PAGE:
E.M. Davey: Fiction as a Window on Our World

E. M Davey

“A thriller writer needs to gain the trust of his reader.” E.M. Davey informs the gathered guests and members of the Hampshire Writers’ Society. With this in mind, he seeks out genuine ancient text, quotes and voices from those who were there, actually on site at the time to use in his conspiracy thrillers.

No stranger to the media, Ed decided on the use of the pseudonym E.M Davey, after being confused one too many times with Ed Davey MP. His day-job is in investigative journalism, harbouring a stint in undercover filming with a passion for travel and he uses it all to influence his thrillers. He grins when he points out that his job is exciting and a lot of fun. If the anecdotes he regaled us all with are anything to go by, his novels will be full of fascinating characters, beautiful settings and bustling cities.

“There’s something about that world that attracts absolute nutters!” he assures us.

It was the British Museum that captured his interest in history and he went on to study it at University. That was 15 years ago and he confesses to still uncovering ancient unknown civilisations. Clearly, he remains fascinated.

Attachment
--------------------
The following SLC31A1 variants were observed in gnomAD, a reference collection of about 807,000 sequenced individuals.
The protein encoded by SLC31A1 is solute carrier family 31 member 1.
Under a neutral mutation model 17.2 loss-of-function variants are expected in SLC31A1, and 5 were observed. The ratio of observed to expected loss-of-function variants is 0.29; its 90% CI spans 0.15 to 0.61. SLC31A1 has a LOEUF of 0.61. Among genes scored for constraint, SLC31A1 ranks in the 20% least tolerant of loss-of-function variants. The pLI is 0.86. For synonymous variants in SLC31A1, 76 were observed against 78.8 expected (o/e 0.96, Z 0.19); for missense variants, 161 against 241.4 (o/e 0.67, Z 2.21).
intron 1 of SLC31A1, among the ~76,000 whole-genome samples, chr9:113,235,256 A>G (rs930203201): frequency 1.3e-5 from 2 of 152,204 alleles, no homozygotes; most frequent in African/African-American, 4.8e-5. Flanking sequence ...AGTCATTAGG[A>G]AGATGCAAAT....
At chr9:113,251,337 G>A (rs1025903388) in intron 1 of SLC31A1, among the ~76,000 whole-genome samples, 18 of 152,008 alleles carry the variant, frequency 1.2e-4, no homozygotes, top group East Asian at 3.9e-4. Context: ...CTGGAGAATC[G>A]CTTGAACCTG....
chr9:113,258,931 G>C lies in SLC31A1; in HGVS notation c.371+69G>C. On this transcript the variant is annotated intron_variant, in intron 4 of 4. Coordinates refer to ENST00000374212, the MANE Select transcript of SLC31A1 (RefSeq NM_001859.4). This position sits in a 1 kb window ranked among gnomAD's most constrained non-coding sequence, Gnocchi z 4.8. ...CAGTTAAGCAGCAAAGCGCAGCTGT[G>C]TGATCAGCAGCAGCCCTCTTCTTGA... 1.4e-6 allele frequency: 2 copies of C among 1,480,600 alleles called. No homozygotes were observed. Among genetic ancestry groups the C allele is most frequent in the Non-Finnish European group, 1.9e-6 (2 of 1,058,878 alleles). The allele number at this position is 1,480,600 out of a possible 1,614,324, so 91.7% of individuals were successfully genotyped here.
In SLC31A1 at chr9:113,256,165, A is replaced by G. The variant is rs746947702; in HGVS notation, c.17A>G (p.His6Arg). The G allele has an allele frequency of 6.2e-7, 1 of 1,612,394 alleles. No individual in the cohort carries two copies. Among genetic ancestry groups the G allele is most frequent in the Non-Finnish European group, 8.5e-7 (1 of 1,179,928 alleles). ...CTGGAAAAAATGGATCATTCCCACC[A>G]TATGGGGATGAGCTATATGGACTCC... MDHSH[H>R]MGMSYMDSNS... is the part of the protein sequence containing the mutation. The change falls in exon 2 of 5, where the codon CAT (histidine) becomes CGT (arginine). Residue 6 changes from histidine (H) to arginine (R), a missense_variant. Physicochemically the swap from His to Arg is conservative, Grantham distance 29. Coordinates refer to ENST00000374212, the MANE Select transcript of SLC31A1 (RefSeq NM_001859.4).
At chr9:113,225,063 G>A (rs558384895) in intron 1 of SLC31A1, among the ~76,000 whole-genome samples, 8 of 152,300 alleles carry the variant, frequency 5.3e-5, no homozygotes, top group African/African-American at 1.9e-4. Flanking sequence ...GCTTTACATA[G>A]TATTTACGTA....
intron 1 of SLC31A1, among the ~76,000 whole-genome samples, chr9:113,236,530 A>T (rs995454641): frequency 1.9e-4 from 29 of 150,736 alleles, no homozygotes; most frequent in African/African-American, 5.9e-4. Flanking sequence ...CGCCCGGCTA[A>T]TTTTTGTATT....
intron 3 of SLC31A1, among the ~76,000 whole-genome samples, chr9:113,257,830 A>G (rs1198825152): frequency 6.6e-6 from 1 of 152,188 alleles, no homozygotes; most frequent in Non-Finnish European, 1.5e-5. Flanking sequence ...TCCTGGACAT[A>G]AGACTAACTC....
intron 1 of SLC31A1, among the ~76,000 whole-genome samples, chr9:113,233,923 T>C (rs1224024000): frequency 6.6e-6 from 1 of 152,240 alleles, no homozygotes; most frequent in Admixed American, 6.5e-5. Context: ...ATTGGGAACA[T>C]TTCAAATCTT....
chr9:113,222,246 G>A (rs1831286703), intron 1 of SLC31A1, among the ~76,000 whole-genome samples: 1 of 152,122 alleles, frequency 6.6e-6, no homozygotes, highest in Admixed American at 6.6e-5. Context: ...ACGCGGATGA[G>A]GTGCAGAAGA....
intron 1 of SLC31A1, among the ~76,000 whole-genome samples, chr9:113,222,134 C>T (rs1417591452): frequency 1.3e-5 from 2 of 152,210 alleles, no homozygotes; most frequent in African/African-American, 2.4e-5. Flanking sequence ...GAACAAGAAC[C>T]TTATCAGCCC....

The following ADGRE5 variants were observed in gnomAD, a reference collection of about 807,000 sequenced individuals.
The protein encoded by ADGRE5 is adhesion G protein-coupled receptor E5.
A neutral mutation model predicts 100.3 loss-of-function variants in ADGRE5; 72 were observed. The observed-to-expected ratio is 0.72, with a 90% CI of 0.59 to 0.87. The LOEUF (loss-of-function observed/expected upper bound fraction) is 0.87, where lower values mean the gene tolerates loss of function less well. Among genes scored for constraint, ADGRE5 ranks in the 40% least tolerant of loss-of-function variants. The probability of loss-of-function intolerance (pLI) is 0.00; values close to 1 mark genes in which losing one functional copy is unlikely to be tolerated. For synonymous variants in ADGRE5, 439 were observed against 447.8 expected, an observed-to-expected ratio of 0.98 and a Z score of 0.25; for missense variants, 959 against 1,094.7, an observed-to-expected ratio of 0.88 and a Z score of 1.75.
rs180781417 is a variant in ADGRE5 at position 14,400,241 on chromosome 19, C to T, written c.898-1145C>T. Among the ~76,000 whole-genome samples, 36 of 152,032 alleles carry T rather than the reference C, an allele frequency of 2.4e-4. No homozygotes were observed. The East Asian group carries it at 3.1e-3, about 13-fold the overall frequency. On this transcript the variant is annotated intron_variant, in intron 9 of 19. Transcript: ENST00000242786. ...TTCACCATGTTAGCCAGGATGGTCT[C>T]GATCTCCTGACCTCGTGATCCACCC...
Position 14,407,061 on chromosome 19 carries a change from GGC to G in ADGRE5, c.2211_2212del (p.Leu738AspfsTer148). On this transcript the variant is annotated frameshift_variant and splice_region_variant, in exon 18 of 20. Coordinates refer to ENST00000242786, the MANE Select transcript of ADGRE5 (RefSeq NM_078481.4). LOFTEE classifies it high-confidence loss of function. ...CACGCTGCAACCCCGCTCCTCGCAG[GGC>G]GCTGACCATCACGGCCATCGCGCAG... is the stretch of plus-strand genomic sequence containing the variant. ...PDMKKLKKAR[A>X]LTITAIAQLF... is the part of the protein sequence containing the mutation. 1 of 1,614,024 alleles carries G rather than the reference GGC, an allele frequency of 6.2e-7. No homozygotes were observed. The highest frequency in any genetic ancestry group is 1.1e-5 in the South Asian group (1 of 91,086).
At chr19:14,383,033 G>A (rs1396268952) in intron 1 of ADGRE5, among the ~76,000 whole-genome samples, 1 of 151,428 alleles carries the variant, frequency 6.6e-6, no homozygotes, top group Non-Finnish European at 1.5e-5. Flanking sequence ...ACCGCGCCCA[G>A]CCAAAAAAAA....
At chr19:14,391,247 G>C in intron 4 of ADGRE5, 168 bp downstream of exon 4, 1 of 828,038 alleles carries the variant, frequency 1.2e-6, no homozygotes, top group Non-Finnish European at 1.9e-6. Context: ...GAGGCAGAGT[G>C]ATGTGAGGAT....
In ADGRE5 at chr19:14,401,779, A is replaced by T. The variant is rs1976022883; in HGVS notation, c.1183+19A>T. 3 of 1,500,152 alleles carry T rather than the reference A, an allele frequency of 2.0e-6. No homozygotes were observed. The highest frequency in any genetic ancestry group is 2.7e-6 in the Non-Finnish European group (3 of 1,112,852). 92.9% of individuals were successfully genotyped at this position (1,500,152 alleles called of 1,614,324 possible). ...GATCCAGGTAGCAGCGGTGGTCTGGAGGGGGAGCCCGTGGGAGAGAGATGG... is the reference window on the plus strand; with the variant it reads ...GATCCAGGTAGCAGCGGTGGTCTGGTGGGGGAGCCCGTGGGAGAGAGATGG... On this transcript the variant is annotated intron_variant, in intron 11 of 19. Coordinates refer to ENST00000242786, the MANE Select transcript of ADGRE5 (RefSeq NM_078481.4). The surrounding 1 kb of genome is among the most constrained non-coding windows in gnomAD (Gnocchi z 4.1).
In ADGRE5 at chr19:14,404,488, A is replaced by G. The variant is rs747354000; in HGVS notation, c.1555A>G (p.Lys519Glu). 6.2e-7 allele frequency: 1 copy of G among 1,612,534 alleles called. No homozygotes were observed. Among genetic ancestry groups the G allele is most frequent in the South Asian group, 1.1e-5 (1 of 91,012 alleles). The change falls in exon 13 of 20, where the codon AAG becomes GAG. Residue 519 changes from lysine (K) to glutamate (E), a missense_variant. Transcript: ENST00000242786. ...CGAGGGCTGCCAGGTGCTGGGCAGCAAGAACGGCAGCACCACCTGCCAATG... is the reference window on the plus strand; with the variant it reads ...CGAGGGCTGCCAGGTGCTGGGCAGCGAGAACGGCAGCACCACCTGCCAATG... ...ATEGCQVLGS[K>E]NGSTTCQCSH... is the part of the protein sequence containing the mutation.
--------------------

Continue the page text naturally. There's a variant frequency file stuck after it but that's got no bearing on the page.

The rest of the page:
After pin-pointing the idea that will spark a novel, Ed totally immerses himself in his subject. He reads up extensively on it, attends exhibitions about it, watches documentaries on it and visits the setting. Seeing himself as a magpie, collecting snippets of information that will interest people, he’s never without his diary and now has a shelf of colourful, one-off, first account records for the 60 or so settings that he has visited.

“Find your Investigator’s Friend.” he advises.

Ed’s was invaluable when after researching in China he arrived home to find he’d been so blown away by the setting, he hadn’t taken any notes and for a writer so bullet pointed as E.M. Davey that wasn’t good.